As a (former) LiveJournal junkie, the unofficial spin-off that I followed the most closely was the LJSecret community. Thousands of users created secrets in some sort of image-editing program, uploaded and submitted them, and the moderators of the community compiled these secrets into daily aggregate posts.

When I still followed LJSecret, I avidly collected the ones that resonated with me. Sometimes I wished I could show a friend that collection, because after a while the collection grew to create a fairly accurate picture of who I was. Granted, it was more morose and depressed than the person I am in real life, but it also offered a really neat snapshot into my mindset.

I don’t imagine that my habit of collecting secrets was unique, and I’m sure everyone who followed this meme eventually found themselves with a folder of secrets that combined to illustrate a complicated and idiosyncratic person. PostSecret is the logical result, and perfect crystalization, of my generation’s need for sincerity and emotion.

The Tumblr blogs mentioned above just seem like the most natural extension of that. If you ‘grew up’ on PostSecret and its ilk, and if writing or creating art isn’t necessarily your thing, these pithy visual updates in the style of PostSecret provide the perfect outlet for your need for self-expression. There may be allowance for a small degree of feedback on your updates, but by and large, your Tumblr blog is you, not your community.

Given the demographic of Tumblr users, it’s hardly a surprise that I wound up with an RSS reader full of sentimental and emotional feeds.


Here are some of my favourites:

You’re Everything To Me
Today Is Happie
This is my heart. It is a good heart.
And It’s Love.

(I still can’t seem to escape the twee.)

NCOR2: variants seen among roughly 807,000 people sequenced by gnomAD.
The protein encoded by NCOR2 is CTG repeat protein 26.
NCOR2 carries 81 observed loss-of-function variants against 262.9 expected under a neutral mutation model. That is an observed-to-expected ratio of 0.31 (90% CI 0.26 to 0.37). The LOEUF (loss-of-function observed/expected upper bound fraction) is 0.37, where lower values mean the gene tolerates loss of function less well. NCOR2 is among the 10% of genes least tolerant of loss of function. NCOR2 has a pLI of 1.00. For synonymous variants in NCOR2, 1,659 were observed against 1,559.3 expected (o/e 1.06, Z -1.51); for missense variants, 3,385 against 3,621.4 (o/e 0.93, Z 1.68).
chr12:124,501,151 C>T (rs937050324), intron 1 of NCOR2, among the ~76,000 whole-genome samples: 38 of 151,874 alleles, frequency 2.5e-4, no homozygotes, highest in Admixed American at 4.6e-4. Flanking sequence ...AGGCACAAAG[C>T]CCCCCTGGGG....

One thought on “Twee: A PostSecret Tale

  1. Great article…and thanks for the links to the Tumblrs. To me, sites like these feel like the evidence of a seismic shift in youth culture: the inclusion of hope and optimism into the DNA of cool.

    Within the last few years, there’s been a subtle adjustment to the concept of cool. Slowly, coolness was less about being bulletproof and more about being open and optimistic. There are numerous possible explanations for this–I’ll spare you an essay on 9/11 and the rise of emo culture–but I think the reason is because of changes in mainstream culture.

    Coolness has always been in opposition to the mainstream. From the 50s through to the 90s, mainstream culture was complacent and conformist. In response, “cool” took the form of cynicism and skepticism against all things. This is best exemplified in Brando’s classic line from The Wild Bunch. When asked what he was rebelling against, Brando slyly answered “What’ve you got?”

    Now, however, mainstream culture has moved on, and has become dumb and loud instead of smothering and condescending and uniform. In response, being cool means rebelling against that by becoming thoughtful. That doesn’t make it any less vital or revolutionary.